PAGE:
A macrophage-activating factor (MAF) is a lymphokine or other receptor based signal that primes macrophages towards cytotoxicity to tumors, cytokine secretion, or clearance of pathogens. Similar molecules may cause development of an inhibitory, regulatory phenotype. A MAF can also alter the ability of macrophages to present MHC I antigen, participate in Th responses, and/or affect other immune responses. MAFs act typically in combination to produce a specific phenotype.
Macrophages inherently display tissue and environment-dependent plasticity. In addition, the phenotypes of the macrophages in a certain micro-environment play a fundamental role in determining the immune activity and response within the tissue.
Depending on the combination of MAFs signaling to the macrophage, the macrophage’s activated phenotype becomes one of three major categories: classically activated, wound healing, or regulatory.
Regulatory-phenotype macrophages have only recently been recognized as an important contributor to tissue microenvironments.
Tumor-associated macrophages may be any of these types, and they have been found to be important players in the tumor microenvironment. Analysis of the macrophage population and signaling in a tumor may provide useful clinical data. Macrophages have been classified as M1 or M2 depending on the adaptive immune response that elicited the phenotype: Th1 or Th2 respectively. The phrase ‘alternatively activated macrophage’ is used to refer to M2 macrophages. Regulatory macrophages do not fit into the M1/M2 classification system, and they display different markers.
After receiving signaling from both IFNγ and TNF, macrophages acquire a phenotype with higher activity against both pathogens and tumor cells. They also secrete inflammatory cytokines. IFNγ signaling can initially originate from Natural Killer (NK) cells, but adaptive immune cells are required to sustain a population of classically activated macrophages. Toll-like receptor agonists may also cause macrophage activation. Interleukin 4, secreted by granulocytes after tissue damage or by adaptive immune cells within a Th2 response, causes macrophages to secrete minimal amounts of pro-inflammatory cytokines and to have lower activity against intracellular pathogens. They also promote extracellular matrix synthesis via production of ornithine, via arginase; this is used as a precursor for extracellular matrix components. The overall result is a macrophage population that promotes wound healing. The specific roles macrophages play in the Th2 response are still under investigation.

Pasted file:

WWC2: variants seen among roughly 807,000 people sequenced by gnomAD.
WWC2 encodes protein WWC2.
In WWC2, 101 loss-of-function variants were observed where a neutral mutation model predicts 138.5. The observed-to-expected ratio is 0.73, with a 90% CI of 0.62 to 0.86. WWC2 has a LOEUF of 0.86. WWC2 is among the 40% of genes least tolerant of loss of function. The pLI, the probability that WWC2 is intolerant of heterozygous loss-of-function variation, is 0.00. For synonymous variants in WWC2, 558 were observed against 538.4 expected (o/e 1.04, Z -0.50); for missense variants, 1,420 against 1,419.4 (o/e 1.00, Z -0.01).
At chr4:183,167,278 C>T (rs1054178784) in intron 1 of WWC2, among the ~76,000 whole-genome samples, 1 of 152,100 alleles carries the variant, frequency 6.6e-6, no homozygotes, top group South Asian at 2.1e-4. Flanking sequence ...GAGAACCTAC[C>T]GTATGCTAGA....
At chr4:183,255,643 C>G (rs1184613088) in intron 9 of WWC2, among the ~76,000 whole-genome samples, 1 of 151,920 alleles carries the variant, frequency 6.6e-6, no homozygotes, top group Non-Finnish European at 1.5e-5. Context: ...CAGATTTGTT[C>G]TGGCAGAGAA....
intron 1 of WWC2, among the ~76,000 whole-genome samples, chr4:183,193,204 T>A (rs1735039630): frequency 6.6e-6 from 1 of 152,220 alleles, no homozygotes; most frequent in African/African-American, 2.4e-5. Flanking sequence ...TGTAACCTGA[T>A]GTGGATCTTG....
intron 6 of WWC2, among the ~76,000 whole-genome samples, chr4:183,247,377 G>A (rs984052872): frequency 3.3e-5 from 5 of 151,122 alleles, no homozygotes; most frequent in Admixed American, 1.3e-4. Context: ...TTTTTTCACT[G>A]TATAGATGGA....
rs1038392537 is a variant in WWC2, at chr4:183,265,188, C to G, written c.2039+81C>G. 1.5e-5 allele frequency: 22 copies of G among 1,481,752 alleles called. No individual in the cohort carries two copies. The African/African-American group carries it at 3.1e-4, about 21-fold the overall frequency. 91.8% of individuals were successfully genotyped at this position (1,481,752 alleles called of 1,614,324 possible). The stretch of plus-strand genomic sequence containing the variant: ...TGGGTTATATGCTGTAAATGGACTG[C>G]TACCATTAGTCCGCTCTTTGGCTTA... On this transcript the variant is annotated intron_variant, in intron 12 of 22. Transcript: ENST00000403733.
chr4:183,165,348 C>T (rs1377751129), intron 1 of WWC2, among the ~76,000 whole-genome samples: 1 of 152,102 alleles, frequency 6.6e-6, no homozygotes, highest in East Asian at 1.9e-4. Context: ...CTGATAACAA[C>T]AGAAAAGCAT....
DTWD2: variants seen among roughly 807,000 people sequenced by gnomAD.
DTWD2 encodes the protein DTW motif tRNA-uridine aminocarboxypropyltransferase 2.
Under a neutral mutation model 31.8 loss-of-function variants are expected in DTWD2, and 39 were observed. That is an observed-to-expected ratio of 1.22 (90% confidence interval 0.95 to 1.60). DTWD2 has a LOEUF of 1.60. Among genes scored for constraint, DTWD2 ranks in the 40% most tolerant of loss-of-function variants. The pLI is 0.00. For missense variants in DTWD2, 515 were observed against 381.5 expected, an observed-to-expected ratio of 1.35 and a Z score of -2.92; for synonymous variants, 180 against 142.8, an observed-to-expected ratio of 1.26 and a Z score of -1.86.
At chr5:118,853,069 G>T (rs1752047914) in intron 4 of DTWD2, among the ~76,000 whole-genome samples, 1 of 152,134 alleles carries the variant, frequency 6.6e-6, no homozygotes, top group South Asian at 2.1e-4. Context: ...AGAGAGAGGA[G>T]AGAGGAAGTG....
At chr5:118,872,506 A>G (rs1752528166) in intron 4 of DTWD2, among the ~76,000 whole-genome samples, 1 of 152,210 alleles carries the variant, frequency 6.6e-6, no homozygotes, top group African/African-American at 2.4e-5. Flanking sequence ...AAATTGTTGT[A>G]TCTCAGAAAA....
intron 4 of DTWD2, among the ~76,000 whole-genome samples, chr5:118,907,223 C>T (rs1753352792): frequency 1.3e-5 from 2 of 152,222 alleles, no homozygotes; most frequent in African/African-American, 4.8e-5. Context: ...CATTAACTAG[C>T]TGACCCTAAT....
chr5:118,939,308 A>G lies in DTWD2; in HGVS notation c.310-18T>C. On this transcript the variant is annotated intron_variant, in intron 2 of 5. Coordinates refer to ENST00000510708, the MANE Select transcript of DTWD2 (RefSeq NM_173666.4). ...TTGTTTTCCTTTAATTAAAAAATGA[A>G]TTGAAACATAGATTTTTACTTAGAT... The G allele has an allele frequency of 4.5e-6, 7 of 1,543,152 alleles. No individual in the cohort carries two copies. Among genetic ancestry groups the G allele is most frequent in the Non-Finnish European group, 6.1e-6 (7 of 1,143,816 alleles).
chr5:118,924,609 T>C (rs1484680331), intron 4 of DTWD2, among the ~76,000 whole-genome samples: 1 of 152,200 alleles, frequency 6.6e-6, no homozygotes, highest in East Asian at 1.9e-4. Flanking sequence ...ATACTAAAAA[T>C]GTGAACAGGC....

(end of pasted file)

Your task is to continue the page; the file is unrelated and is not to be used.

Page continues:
Glucocorticoids can contribute to the development of regulatory macrophages. These macrophages produce Interleukin 10 and inhibit immune system response (See below for Effect on cancer). Tumor-associated macrophages may contain a large population of regulatory macrophages.
Initially, MAFs were thought to increase a macrophage’s cytotoxic response, allowing enhanced clearance of the tumor cells. However, they also have wider ranging effects. Chronic inflammation associated with activated macrophages may lead to the development of neoplasia, such as those found surrounding tuberculosis scars.
Dysregulation of macrophage activation may cause increased inflammation and eventual neoplasia.
Moreover, macrophages infiltrating the tumor microenvironment can transition towards a regulatory phenotype.
Interleukin 10 and Immune suppression
Regulatory macrophages produce Interleukin 10, which can inhibit cytotoxic responses of other lymphocytes to cancer cell antigens. The stromal reaction surrounding a tumor, as well as prostaglandins and hypoxia may play a role in this transition.
The Epithelial-mesenchymal Transition
Epithelial-mesenchymal transition has been found to be influenced by all types of macrophages, which cause both pro and anti-inflammatory responses that can promote EMT.
Pathogenic antigens can bind to toll-like receptors that stimulate macrophage activation and response. Examples include heat shock proteins released during apoptosis, and bacterial lipopolysaccharide.
It has been suggested that MAF can be formed by probiotic bacteria in a yoghurt medium. This probiotic mixture has been found to be helpful in various immune disturbances including ME/CFS.
On the GcMAF Cancer hypothesis
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- Macrophage-Activating+Factors at the US National Library of Medicine Medical Subject Headings (MeSH)
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